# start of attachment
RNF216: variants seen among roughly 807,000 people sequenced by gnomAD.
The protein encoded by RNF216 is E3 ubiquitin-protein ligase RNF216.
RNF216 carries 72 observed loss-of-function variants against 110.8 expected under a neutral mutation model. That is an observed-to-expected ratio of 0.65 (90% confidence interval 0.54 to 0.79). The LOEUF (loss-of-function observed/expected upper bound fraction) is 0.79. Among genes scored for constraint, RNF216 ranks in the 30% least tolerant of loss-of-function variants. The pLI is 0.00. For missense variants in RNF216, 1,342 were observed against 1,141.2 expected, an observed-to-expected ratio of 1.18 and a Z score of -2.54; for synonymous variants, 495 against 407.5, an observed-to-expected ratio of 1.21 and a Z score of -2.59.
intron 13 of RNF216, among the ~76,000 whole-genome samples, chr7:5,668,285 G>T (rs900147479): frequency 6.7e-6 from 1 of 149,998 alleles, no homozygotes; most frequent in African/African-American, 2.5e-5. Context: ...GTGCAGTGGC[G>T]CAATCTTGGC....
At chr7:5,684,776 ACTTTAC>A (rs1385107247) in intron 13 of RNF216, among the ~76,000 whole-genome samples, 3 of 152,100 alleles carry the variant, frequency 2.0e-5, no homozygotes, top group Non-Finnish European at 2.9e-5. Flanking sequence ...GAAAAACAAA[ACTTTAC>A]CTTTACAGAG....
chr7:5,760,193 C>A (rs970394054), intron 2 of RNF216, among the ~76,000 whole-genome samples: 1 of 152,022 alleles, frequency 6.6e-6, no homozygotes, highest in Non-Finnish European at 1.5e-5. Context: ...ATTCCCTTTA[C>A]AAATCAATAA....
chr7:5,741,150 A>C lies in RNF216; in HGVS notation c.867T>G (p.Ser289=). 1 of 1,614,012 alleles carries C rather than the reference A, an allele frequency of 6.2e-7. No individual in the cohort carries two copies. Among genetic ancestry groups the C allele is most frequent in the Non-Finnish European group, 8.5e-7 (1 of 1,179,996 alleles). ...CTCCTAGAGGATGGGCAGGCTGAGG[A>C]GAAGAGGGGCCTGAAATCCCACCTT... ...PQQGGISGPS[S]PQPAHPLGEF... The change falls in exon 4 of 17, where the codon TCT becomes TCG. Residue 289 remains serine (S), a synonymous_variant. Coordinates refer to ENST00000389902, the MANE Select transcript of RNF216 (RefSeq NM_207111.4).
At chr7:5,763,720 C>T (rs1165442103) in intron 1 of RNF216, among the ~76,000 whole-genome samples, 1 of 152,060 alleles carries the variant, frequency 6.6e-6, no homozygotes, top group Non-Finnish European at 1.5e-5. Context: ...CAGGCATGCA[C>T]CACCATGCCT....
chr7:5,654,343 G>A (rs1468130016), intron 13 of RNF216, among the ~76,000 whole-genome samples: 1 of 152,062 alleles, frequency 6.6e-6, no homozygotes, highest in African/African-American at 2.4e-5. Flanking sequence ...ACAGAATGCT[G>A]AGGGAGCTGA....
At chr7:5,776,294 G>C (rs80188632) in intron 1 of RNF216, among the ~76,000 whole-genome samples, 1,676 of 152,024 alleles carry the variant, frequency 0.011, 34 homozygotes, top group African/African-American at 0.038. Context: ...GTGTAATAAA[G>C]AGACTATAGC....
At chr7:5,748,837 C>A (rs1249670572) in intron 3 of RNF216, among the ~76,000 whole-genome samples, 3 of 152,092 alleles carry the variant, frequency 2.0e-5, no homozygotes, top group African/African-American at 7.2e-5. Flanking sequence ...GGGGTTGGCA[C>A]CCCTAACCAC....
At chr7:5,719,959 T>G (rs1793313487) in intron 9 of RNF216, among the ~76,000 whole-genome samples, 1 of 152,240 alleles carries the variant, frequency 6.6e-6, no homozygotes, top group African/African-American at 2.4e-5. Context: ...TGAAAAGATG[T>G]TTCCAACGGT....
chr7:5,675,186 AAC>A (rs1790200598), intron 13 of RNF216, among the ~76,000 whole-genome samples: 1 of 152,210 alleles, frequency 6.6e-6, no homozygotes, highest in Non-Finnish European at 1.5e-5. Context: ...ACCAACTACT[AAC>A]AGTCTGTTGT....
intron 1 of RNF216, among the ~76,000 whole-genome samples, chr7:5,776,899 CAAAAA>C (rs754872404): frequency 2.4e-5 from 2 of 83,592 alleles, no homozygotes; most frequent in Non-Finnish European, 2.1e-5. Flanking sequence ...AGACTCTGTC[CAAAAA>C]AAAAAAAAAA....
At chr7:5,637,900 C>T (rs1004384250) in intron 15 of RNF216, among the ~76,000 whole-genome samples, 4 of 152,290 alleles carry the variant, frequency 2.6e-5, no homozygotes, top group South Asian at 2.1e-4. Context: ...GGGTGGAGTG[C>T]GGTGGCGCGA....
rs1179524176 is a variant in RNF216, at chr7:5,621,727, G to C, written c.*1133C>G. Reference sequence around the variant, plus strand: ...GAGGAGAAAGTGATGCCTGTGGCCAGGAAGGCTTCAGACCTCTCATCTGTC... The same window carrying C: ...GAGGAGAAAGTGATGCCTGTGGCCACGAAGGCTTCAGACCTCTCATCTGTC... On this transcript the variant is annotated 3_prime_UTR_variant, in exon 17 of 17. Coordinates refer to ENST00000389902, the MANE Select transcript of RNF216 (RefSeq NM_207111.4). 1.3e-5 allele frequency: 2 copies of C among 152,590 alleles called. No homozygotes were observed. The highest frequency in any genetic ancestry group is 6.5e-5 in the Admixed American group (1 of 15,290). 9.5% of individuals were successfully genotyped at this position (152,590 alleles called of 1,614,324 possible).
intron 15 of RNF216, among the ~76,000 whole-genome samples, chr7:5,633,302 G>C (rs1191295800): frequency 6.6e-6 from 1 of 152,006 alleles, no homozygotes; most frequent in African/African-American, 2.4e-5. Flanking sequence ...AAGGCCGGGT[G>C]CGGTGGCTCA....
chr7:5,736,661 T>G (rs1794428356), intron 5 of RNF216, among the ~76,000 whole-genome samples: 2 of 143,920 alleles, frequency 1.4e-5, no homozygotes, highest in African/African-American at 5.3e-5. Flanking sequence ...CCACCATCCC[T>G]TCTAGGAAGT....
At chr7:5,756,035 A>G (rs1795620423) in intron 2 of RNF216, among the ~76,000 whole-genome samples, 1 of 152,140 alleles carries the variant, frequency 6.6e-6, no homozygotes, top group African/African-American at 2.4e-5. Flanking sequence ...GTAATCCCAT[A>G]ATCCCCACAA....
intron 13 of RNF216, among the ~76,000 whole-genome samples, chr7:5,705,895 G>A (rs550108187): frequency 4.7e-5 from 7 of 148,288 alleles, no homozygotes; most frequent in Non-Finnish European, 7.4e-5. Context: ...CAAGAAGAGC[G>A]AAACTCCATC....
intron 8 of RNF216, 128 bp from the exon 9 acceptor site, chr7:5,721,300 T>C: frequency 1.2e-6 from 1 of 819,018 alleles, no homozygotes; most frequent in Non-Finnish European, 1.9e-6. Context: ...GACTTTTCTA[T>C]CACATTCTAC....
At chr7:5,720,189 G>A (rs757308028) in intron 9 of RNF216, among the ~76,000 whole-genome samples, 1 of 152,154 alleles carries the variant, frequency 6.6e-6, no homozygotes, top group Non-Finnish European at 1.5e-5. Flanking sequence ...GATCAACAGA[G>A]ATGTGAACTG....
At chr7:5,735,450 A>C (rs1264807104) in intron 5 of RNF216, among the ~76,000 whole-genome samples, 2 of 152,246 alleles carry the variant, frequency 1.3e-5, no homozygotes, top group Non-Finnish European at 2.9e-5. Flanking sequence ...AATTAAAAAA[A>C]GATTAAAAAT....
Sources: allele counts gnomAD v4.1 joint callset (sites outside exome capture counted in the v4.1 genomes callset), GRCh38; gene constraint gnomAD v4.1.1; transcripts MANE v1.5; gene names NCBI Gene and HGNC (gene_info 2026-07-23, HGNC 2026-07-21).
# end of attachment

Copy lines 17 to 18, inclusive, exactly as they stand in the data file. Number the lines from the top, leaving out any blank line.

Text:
intron 15 of RNF216, among the ~76,000 whole-genome samples, chr7:5,633,302 G>C (rs1191295800): frequency 6.6e-6 from 1 of 152,006 alleles, no homozygotes; most frequent in African/African-American, 2.4e-5. Flanking sequence ...AAGGCCGGGT[G>C]CGGTGGCTCA....
chr7:5,736,661 T>G (rs1794428356), intron 5 of RNF216, among the ~76,000 whole-genome samples: 2 of 143,920 alleles, frequency 1.4e-5, no homozygotes, highest in African/African-American at 5.3e-5. Flanking sequence ...CCACCATCCC[T>G]TCTAGGAAGT....